Coronavirus cases in the UK have now surpassed 25,000 and 1,789 deaths have been confirmed. A sharp increase in cases over the last few weeks has led to strict government measures being put in place. Schools, pubs, restaurants, gyms and other businesses have been closed, public gatherings of more than two people have been banned, and people have been ordered to only leave their homes if they’re buying basic necessities, such as food and medicines, for exercise, medical care or work when it cannot be done from home.
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But what should you do if you have a dental emergency? Express.co.uk asked London dentist Dr Richard Marques for his expert advice.
Under the government’s news measures, all dentist practices have been advised to closed.
But severe dental emergencies such as swelling and constant pain keeping a patient awake at night will be triaged.
Most dental emergencies should be managed with remote support to limit the spread of COVID-19 advised Dr Marques.
What to do if you have a dental emergency
Call your dental practise in the first instance as they may have setup a helpline, and if symptoms continue, call NHS 111.
Dr Marques added: “If the situation is serious, you may need to go to A&E – however you should only do so if 100 percent necessary and advised by medical professional.
“Try to stay calm as stress will cause the body to react in way that will worsen the symptoms.”
What is considered a dental emergency?
It’s important to first understand whether or not the situation is emergency or not, said Dr Marques.
Issues such as a lost filling, dull toothache, mild sensitivity or a smell chip in a tooth can all be treated at a later date.
Dr Marques explained: “Examples of more serious issues which would constitute an emergency include gums that will not stop bleeding, extreme tooth sensitivity or toothache causing constant pain, a tooth that has been knocked out/is jagged, and swollen cheeks/gums and general extreme pain from swelling or possible infection.”
What is bleeding gums a sign of?
Bleeding gums are a sign of gum disease (gingivitis) which is an inflammation of the gums caused by a build-up of bacteria.
Dr Marques advised: “You may be suffering if the delicate tissue around your teeth becomes red, swollen and sore.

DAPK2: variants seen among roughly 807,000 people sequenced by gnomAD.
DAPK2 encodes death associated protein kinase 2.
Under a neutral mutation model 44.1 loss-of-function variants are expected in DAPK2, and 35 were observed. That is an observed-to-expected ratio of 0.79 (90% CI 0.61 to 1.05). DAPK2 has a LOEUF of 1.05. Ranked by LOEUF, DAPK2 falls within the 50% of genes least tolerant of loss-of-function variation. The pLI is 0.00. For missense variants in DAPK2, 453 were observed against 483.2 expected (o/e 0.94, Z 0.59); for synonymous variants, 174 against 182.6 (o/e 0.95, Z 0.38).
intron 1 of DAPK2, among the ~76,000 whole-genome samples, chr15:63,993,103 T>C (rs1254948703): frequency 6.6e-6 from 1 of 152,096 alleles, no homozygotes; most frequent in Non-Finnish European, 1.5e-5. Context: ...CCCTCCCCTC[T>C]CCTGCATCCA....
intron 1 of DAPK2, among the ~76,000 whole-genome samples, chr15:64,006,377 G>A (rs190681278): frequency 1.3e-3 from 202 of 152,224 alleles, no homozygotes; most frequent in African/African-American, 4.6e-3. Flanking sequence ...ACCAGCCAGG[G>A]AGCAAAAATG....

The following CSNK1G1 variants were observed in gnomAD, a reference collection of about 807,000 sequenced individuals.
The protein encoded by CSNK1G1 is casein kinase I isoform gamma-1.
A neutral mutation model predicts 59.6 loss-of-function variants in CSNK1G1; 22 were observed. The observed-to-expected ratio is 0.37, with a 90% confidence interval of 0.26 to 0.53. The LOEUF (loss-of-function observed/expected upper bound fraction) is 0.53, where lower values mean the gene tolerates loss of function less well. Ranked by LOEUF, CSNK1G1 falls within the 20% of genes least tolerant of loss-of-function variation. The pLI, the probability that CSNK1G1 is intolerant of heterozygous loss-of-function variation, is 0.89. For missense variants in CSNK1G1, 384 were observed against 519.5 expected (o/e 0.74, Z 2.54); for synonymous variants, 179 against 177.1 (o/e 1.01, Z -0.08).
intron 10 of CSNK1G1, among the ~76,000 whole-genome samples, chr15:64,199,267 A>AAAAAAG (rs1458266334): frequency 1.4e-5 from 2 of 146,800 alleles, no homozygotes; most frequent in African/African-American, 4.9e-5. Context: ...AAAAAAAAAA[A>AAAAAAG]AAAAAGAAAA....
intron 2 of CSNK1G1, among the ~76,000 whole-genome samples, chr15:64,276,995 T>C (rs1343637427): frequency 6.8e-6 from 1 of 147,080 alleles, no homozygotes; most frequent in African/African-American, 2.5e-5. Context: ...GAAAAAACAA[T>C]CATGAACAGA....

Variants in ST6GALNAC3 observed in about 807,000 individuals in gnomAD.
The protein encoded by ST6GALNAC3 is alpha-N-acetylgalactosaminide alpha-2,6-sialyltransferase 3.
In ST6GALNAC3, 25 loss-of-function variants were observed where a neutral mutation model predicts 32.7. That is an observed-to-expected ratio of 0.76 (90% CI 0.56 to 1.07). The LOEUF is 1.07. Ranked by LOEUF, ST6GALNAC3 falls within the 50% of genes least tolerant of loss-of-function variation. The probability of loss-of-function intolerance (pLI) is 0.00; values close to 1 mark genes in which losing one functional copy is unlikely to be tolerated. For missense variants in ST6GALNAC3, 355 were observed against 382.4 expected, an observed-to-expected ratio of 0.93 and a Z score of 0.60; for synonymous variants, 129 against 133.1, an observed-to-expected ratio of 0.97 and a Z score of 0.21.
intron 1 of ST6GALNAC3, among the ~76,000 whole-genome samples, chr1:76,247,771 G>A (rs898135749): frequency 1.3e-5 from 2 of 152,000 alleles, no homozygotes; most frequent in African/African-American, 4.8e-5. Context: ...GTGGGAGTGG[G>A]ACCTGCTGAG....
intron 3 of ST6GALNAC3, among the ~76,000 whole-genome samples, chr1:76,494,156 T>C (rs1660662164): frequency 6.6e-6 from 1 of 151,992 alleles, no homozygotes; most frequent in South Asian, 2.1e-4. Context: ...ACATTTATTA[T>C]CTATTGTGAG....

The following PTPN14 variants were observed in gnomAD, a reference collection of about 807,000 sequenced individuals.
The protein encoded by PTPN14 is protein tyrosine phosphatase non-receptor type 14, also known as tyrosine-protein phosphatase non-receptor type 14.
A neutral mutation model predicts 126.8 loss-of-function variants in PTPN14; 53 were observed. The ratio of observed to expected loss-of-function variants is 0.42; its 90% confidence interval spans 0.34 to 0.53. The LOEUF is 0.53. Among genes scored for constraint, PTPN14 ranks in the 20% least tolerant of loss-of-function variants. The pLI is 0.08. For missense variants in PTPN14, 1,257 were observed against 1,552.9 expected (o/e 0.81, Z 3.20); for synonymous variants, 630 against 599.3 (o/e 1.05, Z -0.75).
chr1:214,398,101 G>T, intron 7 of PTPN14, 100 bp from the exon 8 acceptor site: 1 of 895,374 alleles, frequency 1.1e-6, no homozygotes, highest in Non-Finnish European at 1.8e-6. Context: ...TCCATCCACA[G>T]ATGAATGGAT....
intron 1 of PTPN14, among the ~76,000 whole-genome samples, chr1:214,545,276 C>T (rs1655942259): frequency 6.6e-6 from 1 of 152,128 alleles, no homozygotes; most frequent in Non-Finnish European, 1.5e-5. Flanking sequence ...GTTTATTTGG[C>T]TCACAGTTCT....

“Gums bleed where the tissue is so thin which can range from uncomfortable to very painful.”
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Can you correct tooth sensitivity or toothache yourself?
At the first sign on tooth sensitivity, there are several things you can do to help alleviate the symptoms. Tips as follows:
1. Switch to a desensitising toothpaste. The active ingredients can block the tiny holes in the surface of the teeth and act as a shield by calming any exposed nerves.
2. Cut out any exceptionally hot or cold beverages. Extreme temperatures will trigger sensitivity, so stick to room temperature drinks and use lukewarm water when brushing your teeth.
3. Ensure you’re using a soft bristled or electric toothbrush and brush gently in circular motions. Aggressive brushing can wear away tooth enamel, exposing teeth to sensitivity.
4. Use a mouthwash that is high in fluoride and will help strengthen tooth enamel, but that does not contain harsh or abrasive chemicals including alcohol.
5. Try to avoid acidic food and drink including fruit, vinegar and alcohol. The high sugar content and acidity can cause erosion and damage the enamel – both of which are leading causes of sensitive teeth and gums.
6. Make sure you drink through a straw. In doing so the liquid will bypass the teeth, giving you a better chance at avoiding both damage and sensitivity.
7. Wait at least half an hour after eating or drinking to brush your teeth. This will give the enamel a chance to re-harden. Brushing too soon could actually push acids deeper into the teeth which can cause erosion.
8. Hold off on any whitening treatments when sensitivity becomes uncomfortable. You can still use natural whiteners such as strawberries and coconut oil to keep your smile bright!
9. Maintaining good overall dental hygiene is the best defence against sensitivity. Brush, floss and rinse thoroughly but carefully twice a day, and visit your dentist every six months for a check-up.
What should you do if your tooth’s been knocked out?
If a tooth gets knocked out the first thing you should do is place it in a glass of milk until you’re able to be treated safely.
Dr Marques explained: “The milk helps keep an acid-alkaline ratio meaning the tooth won’t swell,
“If you don’t have milk, spit into a container and keep the tooth in saliva.
“Call your dental practise in the first instance and it they’re unavailable call 111 and follow medical advice.
“Do not touch the root as it will be extremely sensitive.”
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